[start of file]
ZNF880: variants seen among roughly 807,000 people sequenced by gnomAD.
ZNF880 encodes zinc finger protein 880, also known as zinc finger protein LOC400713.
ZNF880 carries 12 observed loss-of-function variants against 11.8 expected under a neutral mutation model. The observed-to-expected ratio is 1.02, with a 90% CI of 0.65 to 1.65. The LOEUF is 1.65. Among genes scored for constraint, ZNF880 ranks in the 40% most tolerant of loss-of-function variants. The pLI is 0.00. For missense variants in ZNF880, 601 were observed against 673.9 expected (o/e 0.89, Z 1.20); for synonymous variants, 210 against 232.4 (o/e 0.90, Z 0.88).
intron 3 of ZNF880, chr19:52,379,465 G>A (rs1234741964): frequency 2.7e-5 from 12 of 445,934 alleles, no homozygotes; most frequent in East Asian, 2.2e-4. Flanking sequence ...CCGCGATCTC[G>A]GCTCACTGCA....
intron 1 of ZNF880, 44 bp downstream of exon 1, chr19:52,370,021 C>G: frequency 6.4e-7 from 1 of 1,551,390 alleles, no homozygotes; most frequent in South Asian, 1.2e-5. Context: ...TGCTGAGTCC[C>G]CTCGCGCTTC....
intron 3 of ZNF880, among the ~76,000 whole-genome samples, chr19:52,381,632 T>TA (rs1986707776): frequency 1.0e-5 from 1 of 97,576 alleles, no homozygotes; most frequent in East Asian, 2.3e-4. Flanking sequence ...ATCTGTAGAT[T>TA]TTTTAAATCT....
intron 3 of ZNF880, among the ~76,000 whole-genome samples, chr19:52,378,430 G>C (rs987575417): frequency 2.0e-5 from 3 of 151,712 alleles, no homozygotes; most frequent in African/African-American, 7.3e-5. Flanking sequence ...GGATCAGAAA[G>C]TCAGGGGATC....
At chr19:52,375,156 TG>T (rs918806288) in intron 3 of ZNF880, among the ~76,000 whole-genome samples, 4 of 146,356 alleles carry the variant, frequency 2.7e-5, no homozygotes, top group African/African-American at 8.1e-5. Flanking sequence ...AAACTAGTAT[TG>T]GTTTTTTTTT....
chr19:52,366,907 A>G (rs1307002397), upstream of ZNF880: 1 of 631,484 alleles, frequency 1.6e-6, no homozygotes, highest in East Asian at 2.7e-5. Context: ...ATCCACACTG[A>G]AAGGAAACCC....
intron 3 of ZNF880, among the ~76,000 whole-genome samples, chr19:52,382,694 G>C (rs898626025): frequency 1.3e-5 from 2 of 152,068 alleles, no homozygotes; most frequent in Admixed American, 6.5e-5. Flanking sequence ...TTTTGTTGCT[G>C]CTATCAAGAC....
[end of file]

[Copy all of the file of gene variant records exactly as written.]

ZNF880: variants seen among roughly 807,000 people sequenced by gnomAD.
ZNF880 encodes zinc finger protein 880, also known as zinc finger protein LOC400713.
ZNF880 carries 12 observed loss-of-function variants against 11.8 expected under a neutral mutation model. The observed-to-expected ratio is 1.02, with a 90% CI of 0.65 to 1.65. The LOEUF is 1.65. Among genes scored for constraint, ZNF880 ranks in the 40% most tolerant of loss-of-function variants. The pLI is 0.00. For missense variants in ZNF880, 601 were observed against 673.9 expected (o/e 0.89, Z 1.20); for synonymous variants, 210 against 232.4 (o/e 0.90, Z 0.88).
intron 3 of ZNF880, chr19:52,379,465 G>A (rs1234741964): frequency 2.7e-5 from 12 of 445,934 alleles, no homozygotes; most frequent in East Asian, 2.2e-4. Flanking sequence ...CCGCGATCTC[G>A]GCTCACTGCA....
intron 1 of ZNF880, 44 bp downstream of exon 1, chr19:52,370,021 C>G: frequency 6.4e-7 from 1 of 1,551,390 alleles, no homozygotes; most frequent in South Asian, 1.2e-5. Context: ...TGCTGAGTCC[C>G]CTCGCGCTTC....
intron 3 of ZNF880, among the ~76,000 whole-genome samples, chr19:52,381,632 T>TA (rs1986707776): frequency 1.0e-5 from 1 of 97,576 alleles, no homozygotes; most frequent in East Asian, 2.3e-4. Flanking sequence ...ATCTGTAGAT[T>TA]TTTTAAATCT....
intron 3 of ZNF880, among the ~76,000 whole-genome samples, chr19:52,378,430 G>C (rs987575417): frequency 2.0e-5 from 3 of 151,712 alleles, no homozygotes; most frequent in African/African-American, 7.3e-5. Flanking sequence ...GGATCAGAAA[G>C]TCAGGGGATC....
At chr19:52,375,156 TG>T (rs918806288) in intron 3 of ZNF880, among the ~76,000 whole-genome samples, 4 of 146,356 alleles carry the variant, frequency 2.7e-5, no homozygotes, top group African/African-American at 8.1e-5. Flanking sequence ...AAACTAGTAT[TG>T]GTTTTTTTTT....
chr19:52,366,907 A>G (rs1307002397), upstream of ZNF880: 1 of 631,484 alleles, frequency 1.6e-6, no homozygotes, highest in East Asian at 2.7e-5. Context: ...ATCCACACTG[A>G]AAGGAAACCC....
intron 3 of ZNF880, among the ~76,000 whole-genome samples, chr19:52,382,694 G>C (rs898626025): frequency 1.3e-5 from 2 of 152,068 alleles, no homozygotes; most frequent in Admixed American, 6.5e-5. Flanking sequence ...TTTTGTTGCT[G>C]CTATCAAGAC....